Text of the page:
Conductive Hearing Loss
Conductive hearing loss is caused by any condition or disease that impedes the conveyance of sound in its mechanical form through the middle ear cavity to the inner ear. A conductive hearing loss can be the result of a blockage in the external ear canal or can be caused by any disorder that unfavorably effects the middle ear's ability to transmit the mechanical energy to the stapes footplate. This results in reduction of one of the physical attributes of sound called intensity (loudness), so the energy reaching the inner ear is lower or less intense than that in the original stimulus. Therefore, more energy is needed for the individual with a conductive hearing loss to hear sound, but once it's loud enough and the mechanical impediment is overcome, that ear works in a normal way. Generally, the cause of conductive hearing loss can be identified and treated resulting in a complete or partial improvement in hearing. Following the completion of medical treatment for cause of the conductive hearing loss, hearing aids are effective in correcting the remaining hearing loss.
The audiometric profile that indicates a conductive hearing loss is the presence of air-bone gaps (better hearing by bone conduction than by air conduction), excellent word recognition at a comfortable listening level, and evidence of a middle ear dysfunction on immittance. For situations where a blockage is noted in the external ear canal, hearing testing is deferred until the canal is cleared.
Sensorineural Hearing Loss
The second type of hearing loss is called sensorineural hearing loss. This word can be divided into its two components—sensory and neural—to allow us more clarity in specifying the type of hearing loss. The comprehensive audiometric assessment and supplemental tests can yield the information needed to differentiate between a sensory and a neural hearing loss, although they can co-exist in the same ear. Neural hearing loss is another name for retrocochlear hearing loss.
Sensorineural hearing loss results from inner ear or auditory nerve dysfunction. The sensory component may be from damage to the organ of Corti or an inability of the hair cells to stimulate the nerves of hearing or a metabolic problem in the fluids of the inner ear. The neural or retrocochlear component can be the result of severe damage to the organ of Corti that causes the nerves of hearing to degenerate or it can be an inability of the hearing nerves themselves to convey neurochemical information through the central auditory pathways.
The reason for sensorineural hearing loss sometimes cannot be determined, it does not typically respond favorably to medical treatment, and it is typically described as an irreversible, permanent condition. Like conductive hearing loss, sensorineural hearing loss reduces the intensity of sound, but it might also introduce an element of distortion into what is heard resulting in sounds being unclear even when they are loud enough. Once any medically treatable conditions have been ruled out, the treatment for sensorineural hearing loss is amplification through hearing aids. (Credit Better Hearing Institute)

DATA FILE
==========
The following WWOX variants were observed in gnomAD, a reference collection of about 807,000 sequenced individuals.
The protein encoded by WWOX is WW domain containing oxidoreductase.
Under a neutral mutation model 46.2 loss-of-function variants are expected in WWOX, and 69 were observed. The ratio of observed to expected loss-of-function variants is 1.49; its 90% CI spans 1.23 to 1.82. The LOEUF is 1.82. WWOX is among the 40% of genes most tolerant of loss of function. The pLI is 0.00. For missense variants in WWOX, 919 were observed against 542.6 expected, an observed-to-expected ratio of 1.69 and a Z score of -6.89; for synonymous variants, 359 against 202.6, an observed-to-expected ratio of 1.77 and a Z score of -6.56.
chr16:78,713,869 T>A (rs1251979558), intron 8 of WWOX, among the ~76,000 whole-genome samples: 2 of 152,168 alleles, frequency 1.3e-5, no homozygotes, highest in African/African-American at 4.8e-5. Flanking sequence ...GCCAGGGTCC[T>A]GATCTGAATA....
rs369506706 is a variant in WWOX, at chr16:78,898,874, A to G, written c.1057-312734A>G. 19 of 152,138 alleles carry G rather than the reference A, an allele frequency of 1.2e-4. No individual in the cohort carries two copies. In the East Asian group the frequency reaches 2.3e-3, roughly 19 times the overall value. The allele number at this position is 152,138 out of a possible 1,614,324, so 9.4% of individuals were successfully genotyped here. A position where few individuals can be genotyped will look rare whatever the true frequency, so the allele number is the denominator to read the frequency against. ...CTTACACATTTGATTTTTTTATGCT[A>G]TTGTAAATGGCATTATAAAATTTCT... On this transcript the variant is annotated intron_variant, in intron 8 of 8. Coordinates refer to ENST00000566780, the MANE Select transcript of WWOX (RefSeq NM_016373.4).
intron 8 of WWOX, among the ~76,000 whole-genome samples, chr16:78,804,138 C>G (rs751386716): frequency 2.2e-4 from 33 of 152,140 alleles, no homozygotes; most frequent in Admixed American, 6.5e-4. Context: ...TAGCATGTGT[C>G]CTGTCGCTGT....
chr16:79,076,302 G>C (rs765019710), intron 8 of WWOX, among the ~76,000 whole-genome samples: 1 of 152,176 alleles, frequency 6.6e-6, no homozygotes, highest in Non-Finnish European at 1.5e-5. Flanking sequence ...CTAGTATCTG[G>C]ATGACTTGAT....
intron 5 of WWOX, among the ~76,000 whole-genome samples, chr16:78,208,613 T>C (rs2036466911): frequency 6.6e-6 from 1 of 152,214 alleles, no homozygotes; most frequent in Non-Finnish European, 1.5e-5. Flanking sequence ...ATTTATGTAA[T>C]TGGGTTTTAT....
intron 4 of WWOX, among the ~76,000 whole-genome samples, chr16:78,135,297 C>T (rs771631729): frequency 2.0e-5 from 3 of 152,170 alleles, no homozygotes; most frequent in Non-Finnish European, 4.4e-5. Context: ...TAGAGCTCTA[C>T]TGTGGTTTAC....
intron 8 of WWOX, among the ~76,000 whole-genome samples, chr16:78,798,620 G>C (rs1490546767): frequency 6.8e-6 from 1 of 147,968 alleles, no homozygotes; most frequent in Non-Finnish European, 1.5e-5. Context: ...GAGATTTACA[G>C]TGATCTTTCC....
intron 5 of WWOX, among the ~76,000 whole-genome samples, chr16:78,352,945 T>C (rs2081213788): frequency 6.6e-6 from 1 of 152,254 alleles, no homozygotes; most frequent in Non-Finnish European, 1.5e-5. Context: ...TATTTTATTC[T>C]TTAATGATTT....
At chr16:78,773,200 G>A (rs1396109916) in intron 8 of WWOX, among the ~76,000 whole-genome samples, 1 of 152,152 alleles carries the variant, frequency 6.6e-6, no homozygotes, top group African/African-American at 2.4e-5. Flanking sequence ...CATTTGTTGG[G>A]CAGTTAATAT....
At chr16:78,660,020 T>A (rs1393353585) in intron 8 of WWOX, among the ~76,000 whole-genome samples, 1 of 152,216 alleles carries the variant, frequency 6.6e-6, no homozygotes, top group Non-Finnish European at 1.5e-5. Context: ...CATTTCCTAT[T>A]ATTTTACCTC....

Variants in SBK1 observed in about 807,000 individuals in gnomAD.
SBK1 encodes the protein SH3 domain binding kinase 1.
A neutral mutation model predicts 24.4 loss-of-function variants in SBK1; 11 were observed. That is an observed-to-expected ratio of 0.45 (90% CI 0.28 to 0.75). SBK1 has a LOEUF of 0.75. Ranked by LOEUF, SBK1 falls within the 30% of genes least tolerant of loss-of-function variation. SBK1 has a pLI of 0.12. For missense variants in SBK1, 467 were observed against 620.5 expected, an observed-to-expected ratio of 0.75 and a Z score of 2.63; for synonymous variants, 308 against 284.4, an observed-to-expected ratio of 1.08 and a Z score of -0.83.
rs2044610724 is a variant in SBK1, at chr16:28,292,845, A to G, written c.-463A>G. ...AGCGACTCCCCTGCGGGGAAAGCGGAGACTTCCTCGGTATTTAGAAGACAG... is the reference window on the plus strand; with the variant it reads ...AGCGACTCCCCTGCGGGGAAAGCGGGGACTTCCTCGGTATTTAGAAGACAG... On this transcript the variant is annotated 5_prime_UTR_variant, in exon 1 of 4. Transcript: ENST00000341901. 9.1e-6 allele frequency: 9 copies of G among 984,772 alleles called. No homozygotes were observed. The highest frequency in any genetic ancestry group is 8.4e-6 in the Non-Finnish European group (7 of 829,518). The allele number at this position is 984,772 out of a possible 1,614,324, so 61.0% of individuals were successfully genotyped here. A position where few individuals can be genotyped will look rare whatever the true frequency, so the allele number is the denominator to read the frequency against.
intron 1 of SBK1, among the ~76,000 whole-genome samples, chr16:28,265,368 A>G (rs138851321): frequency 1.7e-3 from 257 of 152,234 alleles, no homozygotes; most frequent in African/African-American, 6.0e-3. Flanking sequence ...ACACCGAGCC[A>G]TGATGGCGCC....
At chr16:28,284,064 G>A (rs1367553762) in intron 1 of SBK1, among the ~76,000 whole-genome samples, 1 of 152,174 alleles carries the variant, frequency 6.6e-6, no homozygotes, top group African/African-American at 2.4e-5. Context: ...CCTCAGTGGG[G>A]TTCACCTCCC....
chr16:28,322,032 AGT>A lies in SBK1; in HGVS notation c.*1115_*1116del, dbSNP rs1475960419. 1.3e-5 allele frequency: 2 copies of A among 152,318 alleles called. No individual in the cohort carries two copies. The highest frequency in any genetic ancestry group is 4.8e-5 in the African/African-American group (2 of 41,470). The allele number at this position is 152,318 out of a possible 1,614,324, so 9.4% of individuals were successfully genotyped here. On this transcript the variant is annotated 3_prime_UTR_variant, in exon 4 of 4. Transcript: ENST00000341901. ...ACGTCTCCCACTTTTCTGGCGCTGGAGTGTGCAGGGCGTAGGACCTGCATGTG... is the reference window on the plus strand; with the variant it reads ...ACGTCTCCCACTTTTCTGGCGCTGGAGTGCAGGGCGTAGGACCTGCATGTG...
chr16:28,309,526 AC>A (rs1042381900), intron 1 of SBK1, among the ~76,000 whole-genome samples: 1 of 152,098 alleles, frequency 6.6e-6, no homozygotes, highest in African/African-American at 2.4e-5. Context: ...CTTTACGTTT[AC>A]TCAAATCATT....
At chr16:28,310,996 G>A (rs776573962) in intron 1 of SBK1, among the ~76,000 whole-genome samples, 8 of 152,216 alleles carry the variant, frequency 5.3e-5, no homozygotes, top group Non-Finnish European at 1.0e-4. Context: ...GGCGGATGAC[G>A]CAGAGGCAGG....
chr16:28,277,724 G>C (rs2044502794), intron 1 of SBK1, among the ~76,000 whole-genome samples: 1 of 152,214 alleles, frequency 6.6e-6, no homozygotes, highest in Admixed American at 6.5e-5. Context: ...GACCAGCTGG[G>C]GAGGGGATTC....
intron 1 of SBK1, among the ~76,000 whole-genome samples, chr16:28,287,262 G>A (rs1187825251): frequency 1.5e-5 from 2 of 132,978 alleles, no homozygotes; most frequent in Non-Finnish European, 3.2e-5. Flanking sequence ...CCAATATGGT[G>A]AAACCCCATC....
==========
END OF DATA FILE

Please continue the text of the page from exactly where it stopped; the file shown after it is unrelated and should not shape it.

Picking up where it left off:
Mixed Hearing Loss
A mixed hearing loss can be thought of as a sensorineural hearing loss with a conductive component overlaying all or part of the audiometric range tested. So, in addition to some irreversible hearing loss caused by an inner ear or auditory nerve disorder, there is also a dysfunction of the middle ear mechanism that makes the hearing worse than the sensorineural loss alone. The conductive component may be amenable to medical treatment and reversal of the associated hearing loss, but the sensorineural component will most likely be permanent. Hearing aids can be beneficial for persons with a mixed hearing loss, but caution must be exercised by the hearing care professional and patient if the conductive component is due to an active ear infection. (Credit Better Hearing Institute)
Health Risks Associated With Hearing Loss
- Cognitive Function, Dementia, and Alzheimer's Disease: Studies show that older people with hearing loss are more likely to develop dementia over time than those who retain their hearing. Research also shows that hearing loss among older adults appears to be associated with a faster rate of cognitive decline than in people without hearing loss. So what's the take away? Get your hearing tested and address any hearing loss.
- Depression and Anxiety: Research shows that hearing loss frequently co-exists with depression and/or anxiety. In fact, people with untreated hearing loss may be at an increased risk of depression. When left unaddressed, hearing loss can lead to isolation and other emotional conditions that can affect both qualify of life and mental health. But we also know that by treating hearing loss, the risk of associated depression and other mental health issues lessens significantly. So go ahead. Be happy. Get your hearing tested. (Credit Better Hearing Institute)
- Diabetes: Hearing loss is about twice as common in adults with diabetes. If you have diabetes, be sure to get your hearing checked as part of your routine care.